Diddy, P. Diddy, Puff Daddy, Puffy, Sean Combs, or whatever he decides to call himself by the time this review goes live, attempts to strike a cool, suited pose a la Justin Timberlake throughout the booklet of his new album, Press Play, but only succeeds in looking like a stuffed shirt. And what’s worse, by the last page he takes off the tailored executive producer garb, kneeling with hands clasped in ostensible atonement for the bare-buttocked girl standing by the window—or, perhaps, for making another album. Like his vanity perfume, it’s all pretty unforgivable, and I haven’t even gotten to his music yet—apt for an artist whose last two albums matter so little to the flashy, pompous, greedy, and ego-driven empire that is Bad Boy.
Press Play is the, ahem, artist‘s best album since 1997’s No Way Out, and it’s an easier listen that one might expect. Diddy still doesn’t have an original bone in his body or a fresh idea in his head, and he relies on his previously successful formulas (which consist mainly of sampling others people’s music so he doesn’t actually have to write any, and cramming as many artists into his songs as humanly possible so he doesn’t have to be one), but damn if it doesn’t actually work. The album’s first third is all hubris (on “The Future” he boasts of his “potential to be the first black president”—of what, he doesn’t say), but Press Play gets better and better as it moves along, high-profile producers and guest artists snagging the spotlight and salvaging what could have otherwise been a hot mess.
In fact, Press Play might be the best-produced album of the year, FutureSex/LoveSounds notwithstanding. “Wanna Move,” produced by Danja and Big Boi, is an enterprising effort, though Ciara’s vocal part makes performances by the Pussycat Dolls’ Nicole Scherzinger and an uncharacteristically restrained Christina Aguilera on the album’s first and second singles, respectively, sound downright overwrought. Unfortunately, Diddy is such a piss-poor MC that he becomes his own album’s liability; his lyrics sound like they could have been written by Alyson Hannigan’s character from American Pie (“It’s Bad Boy, bitch!” is a recurring mantra) and his metaphors consist of gems like “I’m seeing visions like I did a bag of angel dust.”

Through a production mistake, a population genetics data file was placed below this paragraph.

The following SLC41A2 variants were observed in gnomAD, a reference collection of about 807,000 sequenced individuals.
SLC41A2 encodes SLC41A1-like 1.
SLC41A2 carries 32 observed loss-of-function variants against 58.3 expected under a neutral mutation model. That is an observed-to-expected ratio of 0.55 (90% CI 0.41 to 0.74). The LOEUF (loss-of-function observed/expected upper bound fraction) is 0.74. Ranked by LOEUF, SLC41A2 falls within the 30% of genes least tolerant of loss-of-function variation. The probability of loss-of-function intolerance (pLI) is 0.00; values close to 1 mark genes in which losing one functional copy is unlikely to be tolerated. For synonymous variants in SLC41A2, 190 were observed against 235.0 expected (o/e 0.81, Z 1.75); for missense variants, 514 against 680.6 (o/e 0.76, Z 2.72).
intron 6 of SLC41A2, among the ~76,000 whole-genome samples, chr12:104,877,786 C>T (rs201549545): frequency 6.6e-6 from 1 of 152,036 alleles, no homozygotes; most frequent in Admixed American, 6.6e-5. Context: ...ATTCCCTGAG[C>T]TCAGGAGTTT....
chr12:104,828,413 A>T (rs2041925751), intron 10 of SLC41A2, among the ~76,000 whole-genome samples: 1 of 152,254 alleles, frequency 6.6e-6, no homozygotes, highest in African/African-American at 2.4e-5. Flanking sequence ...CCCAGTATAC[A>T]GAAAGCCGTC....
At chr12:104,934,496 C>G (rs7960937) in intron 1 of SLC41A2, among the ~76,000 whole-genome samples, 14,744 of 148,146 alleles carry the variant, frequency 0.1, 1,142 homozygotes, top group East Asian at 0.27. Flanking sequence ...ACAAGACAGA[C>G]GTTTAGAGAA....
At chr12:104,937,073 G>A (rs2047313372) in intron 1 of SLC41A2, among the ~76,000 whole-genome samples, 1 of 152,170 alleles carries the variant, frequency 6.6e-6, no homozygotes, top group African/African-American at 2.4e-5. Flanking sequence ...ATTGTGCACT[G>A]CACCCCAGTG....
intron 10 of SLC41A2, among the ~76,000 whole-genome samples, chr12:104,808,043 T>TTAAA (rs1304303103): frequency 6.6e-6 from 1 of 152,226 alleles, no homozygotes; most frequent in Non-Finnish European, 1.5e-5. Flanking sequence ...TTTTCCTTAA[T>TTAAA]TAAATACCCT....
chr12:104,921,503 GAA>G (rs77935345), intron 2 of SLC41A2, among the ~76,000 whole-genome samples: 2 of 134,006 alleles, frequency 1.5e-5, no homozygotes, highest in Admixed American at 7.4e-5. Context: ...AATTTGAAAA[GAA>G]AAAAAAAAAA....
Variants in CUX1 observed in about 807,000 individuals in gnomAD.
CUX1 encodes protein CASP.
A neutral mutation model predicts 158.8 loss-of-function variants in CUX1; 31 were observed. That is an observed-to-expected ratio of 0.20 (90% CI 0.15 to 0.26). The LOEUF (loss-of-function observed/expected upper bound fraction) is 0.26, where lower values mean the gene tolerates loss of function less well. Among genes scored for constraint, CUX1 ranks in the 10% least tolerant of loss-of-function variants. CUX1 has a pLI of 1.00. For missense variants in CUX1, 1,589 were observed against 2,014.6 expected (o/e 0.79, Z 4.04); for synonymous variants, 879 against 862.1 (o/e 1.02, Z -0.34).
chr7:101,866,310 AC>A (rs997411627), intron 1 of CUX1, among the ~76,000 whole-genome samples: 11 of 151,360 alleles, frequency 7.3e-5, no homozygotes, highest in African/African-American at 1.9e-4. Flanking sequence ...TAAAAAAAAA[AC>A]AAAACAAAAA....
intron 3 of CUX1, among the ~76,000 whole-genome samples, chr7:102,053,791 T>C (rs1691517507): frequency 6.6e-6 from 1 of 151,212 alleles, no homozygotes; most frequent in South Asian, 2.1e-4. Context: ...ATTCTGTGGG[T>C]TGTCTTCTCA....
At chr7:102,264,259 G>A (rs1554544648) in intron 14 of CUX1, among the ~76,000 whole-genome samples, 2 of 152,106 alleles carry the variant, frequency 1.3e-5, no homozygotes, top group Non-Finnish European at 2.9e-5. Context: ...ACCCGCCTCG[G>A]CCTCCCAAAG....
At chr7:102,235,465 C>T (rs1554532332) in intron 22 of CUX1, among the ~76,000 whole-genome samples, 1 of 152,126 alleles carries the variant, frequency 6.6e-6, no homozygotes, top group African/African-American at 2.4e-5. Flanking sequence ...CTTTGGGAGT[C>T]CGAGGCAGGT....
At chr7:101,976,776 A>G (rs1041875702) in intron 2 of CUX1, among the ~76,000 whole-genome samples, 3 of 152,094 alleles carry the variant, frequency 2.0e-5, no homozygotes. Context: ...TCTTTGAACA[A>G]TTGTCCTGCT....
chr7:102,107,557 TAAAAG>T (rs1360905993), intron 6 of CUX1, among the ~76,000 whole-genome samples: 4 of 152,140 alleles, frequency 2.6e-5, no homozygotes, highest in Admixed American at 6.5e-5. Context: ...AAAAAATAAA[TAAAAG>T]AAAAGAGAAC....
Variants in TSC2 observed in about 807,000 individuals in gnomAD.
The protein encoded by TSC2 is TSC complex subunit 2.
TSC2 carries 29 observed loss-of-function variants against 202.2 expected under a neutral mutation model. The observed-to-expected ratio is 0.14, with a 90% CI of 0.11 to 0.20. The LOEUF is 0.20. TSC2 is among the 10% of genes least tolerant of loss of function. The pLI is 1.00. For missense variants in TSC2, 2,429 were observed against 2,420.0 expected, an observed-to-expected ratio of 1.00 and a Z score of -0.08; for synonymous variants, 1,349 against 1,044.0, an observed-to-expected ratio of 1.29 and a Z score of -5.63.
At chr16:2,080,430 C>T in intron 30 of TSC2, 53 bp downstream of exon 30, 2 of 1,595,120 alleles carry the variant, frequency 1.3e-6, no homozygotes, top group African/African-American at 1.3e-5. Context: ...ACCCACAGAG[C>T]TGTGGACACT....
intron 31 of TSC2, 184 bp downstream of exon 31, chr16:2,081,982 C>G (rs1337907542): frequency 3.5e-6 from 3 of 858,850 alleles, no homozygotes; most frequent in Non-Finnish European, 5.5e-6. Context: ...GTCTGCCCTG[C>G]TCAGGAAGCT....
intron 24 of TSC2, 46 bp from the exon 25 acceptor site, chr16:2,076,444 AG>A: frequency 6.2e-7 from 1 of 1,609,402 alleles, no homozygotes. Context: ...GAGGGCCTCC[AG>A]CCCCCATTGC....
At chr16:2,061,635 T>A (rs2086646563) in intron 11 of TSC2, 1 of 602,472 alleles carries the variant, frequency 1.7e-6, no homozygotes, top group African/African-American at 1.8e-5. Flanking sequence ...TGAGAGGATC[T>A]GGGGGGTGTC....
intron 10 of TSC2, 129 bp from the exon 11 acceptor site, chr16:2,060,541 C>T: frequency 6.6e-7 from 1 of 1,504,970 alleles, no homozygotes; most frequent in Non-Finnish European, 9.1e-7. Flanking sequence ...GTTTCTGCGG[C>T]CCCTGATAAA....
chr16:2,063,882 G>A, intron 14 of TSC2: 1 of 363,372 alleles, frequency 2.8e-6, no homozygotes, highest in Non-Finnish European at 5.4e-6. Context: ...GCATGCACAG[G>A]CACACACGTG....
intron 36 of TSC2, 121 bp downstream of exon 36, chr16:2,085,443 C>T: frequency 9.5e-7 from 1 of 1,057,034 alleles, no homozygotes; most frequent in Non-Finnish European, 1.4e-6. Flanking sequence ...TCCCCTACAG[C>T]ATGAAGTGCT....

But even Diddy isn’t capable of spoiling the album’s best moments, which come during the seamlessly segued final stretch: “Last Night,” featuring Keyshia Cole, is a hit lying in wait, and, for anyone unfamiliar with Afrodisiac, Brandy will be a revelation on “Thought You Said”; even I wasn’t prepared for such a daring drum n’ bass-influenced tour-de-force, which, it bears mentioning, was co-produced by the man himself. Will.I.Am and Mario Winans turn in a formidable Prince homage with “Special Feeling,” while, despite Diddy’s presence (which is mercifully negligible—at certain points, you might even forget it’s a Diddy album), Rich Harrison, Kanye West, and Timbaland are allowed free rein to do what they do best. Executive producer is one title Sean Combs can wear proudly.